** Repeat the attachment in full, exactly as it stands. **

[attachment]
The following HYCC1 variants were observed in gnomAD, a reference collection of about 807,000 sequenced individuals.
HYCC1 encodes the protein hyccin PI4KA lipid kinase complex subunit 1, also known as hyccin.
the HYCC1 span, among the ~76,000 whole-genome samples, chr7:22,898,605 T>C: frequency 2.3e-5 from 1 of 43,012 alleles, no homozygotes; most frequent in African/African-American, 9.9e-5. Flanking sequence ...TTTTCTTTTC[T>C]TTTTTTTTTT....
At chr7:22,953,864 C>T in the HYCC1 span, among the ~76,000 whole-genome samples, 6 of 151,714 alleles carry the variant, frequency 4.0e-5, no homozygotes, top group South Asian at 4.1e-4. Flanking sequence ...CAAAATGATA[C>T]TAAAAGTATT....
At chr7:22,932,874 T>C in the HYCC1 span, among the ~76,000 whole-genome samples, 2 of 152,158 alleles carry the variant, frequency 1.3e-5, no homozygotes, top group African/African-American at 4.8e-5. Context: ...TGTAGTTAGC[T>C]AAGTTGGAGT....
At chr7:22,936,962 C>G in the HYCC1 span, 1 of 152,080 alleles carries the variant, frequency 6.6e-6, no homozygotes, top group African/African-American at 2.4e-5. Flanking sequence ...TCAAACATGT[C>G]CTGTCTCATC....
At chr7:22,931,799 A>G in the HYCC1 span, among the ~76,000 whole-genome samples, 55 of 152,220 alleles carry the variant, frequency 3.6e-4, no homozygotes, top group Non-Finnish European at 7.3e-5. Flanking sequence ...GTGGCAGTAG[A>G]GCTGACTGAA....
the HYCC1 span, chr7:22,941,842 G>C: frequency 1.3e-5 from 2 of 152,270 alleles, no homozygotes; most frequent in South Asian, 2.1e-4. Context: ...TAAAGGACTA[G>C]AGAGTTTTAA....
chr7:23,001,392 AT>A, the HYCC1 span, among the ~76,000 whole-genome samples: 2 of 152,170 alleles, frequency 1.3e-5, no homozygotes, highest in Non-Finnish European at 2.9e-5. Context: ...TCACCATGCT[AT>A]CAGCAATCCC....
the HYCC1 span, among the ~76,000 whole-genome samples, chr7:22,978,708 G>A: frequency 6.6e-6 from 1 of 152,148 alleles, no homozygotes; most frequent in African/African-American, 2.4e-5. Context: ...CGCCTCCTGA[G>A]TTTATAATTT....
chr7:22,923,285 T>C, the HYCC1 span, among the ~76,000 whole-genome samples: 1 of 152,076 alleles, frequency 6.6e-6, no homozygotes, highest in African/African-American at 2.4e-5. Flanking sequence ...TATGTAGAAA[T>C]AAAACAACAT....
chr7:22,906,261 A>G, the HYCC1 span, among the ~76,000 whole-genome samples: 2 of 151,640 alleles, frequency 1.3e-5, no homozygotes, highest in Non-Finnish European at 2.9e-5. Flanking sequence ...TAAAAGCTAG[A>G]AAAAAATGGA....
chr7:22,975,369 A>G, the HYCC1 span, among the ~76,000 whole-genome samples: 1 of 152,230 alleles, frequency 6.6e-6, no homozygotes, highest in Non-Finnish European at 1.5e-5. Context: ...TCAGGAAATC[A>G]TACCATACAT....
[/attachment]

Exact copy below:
The following HYCC1 variants were observed in gnomAD, a reference collection of about 807,000 sequenced individuals.
HYCC1 encodes the protein hyccin PI4KA lipid kinase complex subunit 1, also known as hyccin.
the HYCC1 span, among the ~76,000 whole-genome samples, chr7:22,898,605 T>C: frequency 2.3e-5 from 1 of 43,012 alleles, no homozygotes; most frequent in African/African-American, 9.9e-5. Flanking sequence ...TTTTCTTTTC[T>C]TTTTTTTTTT....
At chr7:22,953,864 C>T in the HYCC1 span, among the ~76,000 whole-genome samples, 6 of 151,714 alleles carry the variant, frequency 4.0e-5, no homozygotes, top group South Asian at 4.1e-4. Flanking sequence ...CAAAATGATA[C>T]TAAAAGTATT....
At chr7:22,932,874 T>C in the HYCC1 span, among the ~76,000 whole-genome samples, 2 of 152,158 alleles carry the variant, frequency 1.3e-5, no homozygotes, top group African/African-American at 4.8e-5. Context: ...TGTAGTTAGC[T>C]AAGTTGGAGT....
At chr7:22,936,962 C>G in the HYCC1 span, 1 of 152,080 alleles carries the variant, frequency 6.6e-6, no homozygotes, top group African/African-American at 2.4e-5. Flanking sequence ...TCAAACATGT[C>G]CTGTCTCATC....
At chr7:22,931,799 A>G in the HYCC1 span, among the ~76,000 whole-genome samples, 55 of 152,220 alleles carry the variant, frequency 3.6e-4, no homozygotes, top group Non-Finnish European at 7.3e-5. Flanking sequence ...GTGGCAGTAG[A>G]GCTGACTGAA....
the HYCC1 span, chr7:22,941,842 G>C: frequency 1.3e-5 from 2 of 152,270 alleles, no homozygotes; most frequent in South Asian, 2.1e-4. Context: ...TAAAGGACTA[G>C]AGAGTTTTAA....
chr7:23,001,392 AT>A, the HYCC1 span, among the ~76,000 whole-genome samples: 2 of 152,170 alleles, frequency 1.3e-5, no homozygotes, highest in Non-Finnish European at 2.9e-5. Context: ...TCACCATGCT[AT>A]CAGCAATCCC....
the HYCC1 span, among the ~76,000 whole-genome samples, chr7:22,978,708 G>A: frequency 6.6e-6 from 1 of 152,148 alleles, no homozygotes; most frequent in African/African-American, 2.4e-5. Context: ...CGCCTCCTGA[G>A]TTTATAATTT....
chr7:22,923,285 T>C, the HYCC1 span, among the ~76,000 whole-genome samples: 1 of 152,076 alleles, frequency 6.6e-6, no homozygotes, highest in African/African-American at 2.4e-5. Flanking sequence ...TATGTAGAAA[T>C]AAAACAACAT....
chr7:22,906,261 A>G, the HYCC1 span, among the ~76,000 whole-genome samples: 2 of 151,640 alleles, frequency 1.3e-5, no homozygotes, highest in Non-Finnish European at 2.9e-5. Flanking sequence ...TAAAAGCTAG[A>G]AAAAAATGGA....
chr7:22,975,369 A>G, the HYCC1 span, among the ~76,000 whole-genome samples: 1 of 152,230 alleles, frequency 6.6e-6, no homozygotes, highest in Non-Finnish European at 1.5e-5. Context: ...TCAGGAAATC[A>G]TACCATACAT....